The UK remains defiantly out of step with much of the world, but it is reforming some of its tax regime.
One of the more enduring quirks of business law in the UK is the fact that the tax year begins on April 6th and not at the beginning of the calendar year in January. Given that many other places with historic ties to the UK – the US, Ireland, Jersey and various European countries – it seems strange that tax authorities have made move towards harmonising the tax year to bring the UK more in line with its peers.
The reasons behind the rule – as with many arcane aspects of UK legal and financial system – reflect both careful planning and happy accident.
Paying the rent
The UK’s April 5 year-end in fact dates back to a time when people in England were required to pay rents to their landlords quarterly on what were, and still are, known as quarter days; March 25, June 24, September 29 and December 25. The first in the year, known as Lady Day, came to be regarded as the start of the financial year. In 1582, Pope Gregory XIII ordered that the old Julian calendar introduced by Julius Caesar should be replaced by the Gregorian calendar we use today.
The old calendar, although fairly accurate, was slightly too short and had slipped over the years. Much of Europe moved across immediately, but Britain took a little longer — 170 years in fact. By then, our calendar was out of step by 11 days and so it was that after the taxes had been paid on March 25 1752, 11 days were removed from the calendar and the new tax year started on April 5 1752.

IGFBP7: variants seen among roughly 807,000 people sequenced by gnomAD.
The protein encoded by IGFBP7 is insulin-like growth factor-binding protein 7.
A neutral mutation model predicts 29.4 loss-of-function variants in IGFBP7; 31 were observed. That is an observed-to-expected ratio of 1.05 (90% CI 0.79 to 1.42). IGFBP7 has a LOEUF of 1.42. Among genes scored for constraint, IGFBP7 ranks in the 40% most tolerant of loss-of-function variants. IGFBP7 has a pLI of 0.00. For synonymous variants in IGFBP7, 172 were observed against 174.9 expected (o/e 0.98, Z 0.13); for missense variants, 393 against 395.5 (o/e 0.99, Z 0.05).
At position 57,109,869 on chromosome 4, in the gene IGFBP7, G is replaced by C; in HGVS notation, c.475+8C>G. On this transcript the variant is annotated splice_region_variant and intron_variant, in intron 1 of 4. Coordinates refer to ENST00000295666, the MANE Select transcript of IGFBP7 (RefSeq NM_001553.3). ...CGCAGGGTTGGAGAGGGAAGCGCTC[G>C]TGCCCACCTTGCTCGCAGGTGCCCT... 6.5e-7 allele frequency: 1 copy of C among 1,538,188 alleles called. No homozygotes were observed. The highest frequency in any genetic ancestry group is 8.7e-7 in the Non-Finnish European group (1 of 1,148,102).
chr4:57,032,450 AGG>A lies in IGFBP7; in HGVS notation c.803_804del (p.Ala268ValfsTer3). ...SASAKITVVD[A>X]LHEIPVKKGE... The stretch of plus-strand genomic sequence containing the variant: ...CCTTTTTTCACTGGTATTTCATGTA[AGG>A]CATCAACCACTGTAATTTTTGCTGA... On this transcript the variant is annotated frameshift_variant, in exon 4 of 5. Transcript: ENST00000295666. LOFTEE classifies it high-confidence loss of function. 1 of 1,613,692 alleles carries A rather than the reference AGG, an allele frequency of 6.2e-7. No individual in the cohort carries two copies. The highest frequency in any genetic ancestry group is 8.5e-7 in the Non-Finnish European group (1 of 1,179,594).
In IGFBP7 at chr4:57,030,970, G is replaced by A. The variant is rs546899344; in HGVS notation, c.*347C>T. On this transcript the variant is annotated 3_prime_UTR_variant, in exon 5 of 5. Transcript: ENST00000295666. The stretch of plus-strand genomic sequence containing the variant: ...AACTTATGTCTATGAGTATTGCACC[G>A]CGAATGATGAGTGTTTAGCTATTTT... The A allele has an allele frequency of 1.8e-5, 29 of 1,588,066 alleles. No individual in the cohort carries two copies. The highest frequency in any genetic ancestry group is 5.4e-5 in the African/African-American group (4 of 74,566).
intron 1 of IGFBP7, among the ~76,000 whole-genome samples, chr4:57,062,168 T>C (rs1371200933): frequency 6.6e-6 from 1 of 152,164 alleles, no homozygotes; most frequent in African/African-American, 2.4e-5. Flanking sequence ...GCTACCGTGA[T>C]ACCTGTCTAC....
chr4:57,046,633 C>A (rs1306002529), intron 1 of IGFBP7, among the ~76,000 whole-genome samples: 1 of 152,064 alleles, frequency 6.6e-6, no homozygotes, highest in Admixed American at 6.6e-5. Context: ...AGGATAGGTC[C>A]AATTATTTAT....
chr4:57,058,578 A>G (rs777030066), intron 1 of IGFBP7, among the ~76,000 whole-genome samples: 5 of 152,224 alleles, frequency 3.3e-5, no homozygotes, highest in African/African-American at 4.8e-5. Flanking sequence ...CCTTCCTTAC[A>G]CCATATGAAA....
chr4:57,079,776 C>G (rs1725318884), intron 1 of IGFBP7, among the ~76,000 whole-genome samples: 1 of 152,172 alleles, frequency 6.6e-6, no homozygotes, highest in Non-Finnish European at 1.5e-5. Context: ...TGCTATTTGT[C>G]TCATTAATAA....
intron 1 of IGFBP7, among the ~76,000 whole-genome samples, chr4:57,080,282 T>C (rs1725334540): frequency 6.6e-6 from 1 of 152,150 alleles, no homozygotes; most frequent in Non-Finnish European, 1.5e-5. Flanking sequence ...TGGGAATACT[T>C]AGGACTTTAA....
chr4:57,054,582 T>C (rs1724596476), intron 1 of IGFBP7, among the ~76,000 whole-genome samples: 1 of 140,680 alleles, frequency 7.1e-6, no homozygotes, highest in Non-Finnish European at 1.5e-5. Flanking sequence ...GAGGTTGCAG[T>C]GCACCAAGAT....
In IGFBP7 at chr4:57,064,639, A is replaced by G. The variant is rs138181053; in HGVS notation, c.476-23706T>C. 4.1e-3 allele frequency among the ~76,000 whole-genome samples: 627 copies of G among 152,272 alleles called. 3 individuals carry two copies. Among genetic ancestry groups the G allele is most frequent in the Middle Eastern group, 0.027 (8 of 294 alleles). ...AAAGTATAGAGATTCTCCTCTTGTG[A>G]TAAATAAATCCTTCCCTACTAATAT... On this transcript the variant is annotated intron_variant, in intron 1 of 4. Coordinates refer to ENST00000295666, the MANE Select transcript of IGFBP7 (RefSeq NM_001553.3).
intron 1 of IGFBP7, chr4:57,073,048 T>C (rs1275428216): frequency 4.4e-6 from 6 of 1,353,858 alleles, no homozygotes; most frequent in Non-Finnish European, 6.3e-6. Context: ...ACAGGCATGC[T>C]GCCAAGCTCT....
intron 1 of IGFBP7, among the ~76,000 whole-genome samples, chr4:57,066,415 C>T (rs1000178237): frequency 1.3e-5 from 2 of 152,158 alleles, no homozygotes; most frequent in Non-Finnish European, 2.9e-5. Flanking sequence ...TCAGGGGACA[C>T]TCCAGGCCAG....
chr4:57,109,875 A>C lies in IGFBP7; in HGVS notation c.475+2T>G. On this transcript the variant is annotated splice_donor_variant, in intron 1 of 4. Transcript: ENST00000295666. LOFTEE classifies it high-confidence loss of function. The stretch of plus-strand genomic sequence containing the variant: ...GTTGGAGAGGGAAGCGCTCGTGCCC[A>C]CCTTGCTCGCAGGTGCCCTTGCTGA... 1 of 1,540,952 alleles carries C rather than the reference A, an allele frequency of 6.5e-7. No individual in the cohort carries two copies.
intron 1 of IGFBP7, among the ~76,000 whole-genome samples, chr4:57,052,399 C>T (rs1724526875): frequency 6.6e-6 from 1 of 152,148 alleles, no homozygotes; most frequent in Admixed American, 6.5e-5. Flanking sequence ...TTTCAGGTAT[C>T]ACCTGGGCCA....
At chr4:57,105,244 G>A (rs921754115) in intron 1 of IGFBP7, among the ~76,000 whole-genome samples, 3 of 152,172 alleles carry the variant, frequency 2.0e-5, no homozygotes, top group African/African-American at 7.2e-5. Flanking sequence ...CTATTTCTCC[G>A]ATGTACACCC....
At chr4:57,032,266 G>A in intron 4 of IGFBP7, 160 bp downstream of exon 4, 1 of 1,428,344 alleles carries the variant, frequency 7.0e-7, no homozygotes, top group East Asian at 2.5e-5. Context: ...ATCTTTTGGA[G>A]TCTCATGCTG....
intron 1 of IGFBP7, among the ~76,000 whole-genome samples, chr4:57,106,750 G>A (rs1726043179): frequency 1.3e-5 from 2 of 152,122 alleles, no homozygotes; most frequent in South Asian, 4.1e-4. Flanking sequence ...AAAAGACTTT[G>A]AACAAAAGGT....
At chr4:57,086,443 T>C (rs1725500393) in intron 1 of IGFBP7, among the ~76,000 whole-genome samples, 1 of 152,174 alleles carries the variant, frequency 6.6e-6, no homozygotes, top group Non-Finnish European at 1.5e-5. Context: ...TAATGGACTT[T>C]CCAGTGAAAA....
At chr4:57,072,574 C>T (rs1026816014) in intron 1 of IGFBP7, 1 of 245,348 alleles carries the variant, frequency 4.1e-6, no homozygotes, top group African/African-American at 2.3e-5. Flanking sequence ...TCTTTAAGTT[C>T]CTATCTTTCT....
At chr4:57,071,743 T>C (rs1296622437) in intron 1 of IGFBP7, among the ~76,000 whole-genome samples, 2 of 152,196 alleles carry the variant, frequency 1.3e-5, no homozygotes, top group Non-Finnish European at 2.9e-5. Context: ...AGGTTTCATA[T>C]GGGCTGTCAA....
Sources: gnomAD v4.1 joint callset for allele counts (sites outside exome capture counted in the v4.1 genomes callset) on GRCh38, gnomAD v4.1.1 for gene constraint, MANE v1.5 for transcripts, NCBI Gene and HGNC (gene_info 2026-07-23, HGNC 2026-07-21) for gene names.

This caused understandable concern at the time, but it took another 20 years to remove one more day (to accommodate the year 1800 not being a leap year) for the start of the new tax year to move to April 6, the date we still use today.
Back to the future
While this story may be interesting to those with a passionate interest in the history of taxation, it underlines why the UK’s tax system remains out of step with much of the rest of the world. But that is beginning to change, partly thanks to last year’s launch of the 10-year strategy, “Building a trusted, modern tax administration system”, a major part of which requires businesses and landlords to keep accounting records digitally and report income details quarterly, something that will bring things more up to date.
Quarterly reporting is already a requirement for VAT and these returns must be submitted to calendar month ends, for example quarters ended June 30, September 30, December 31 and March 31. By 2023, income taxpayers will be reporting quarterly too.
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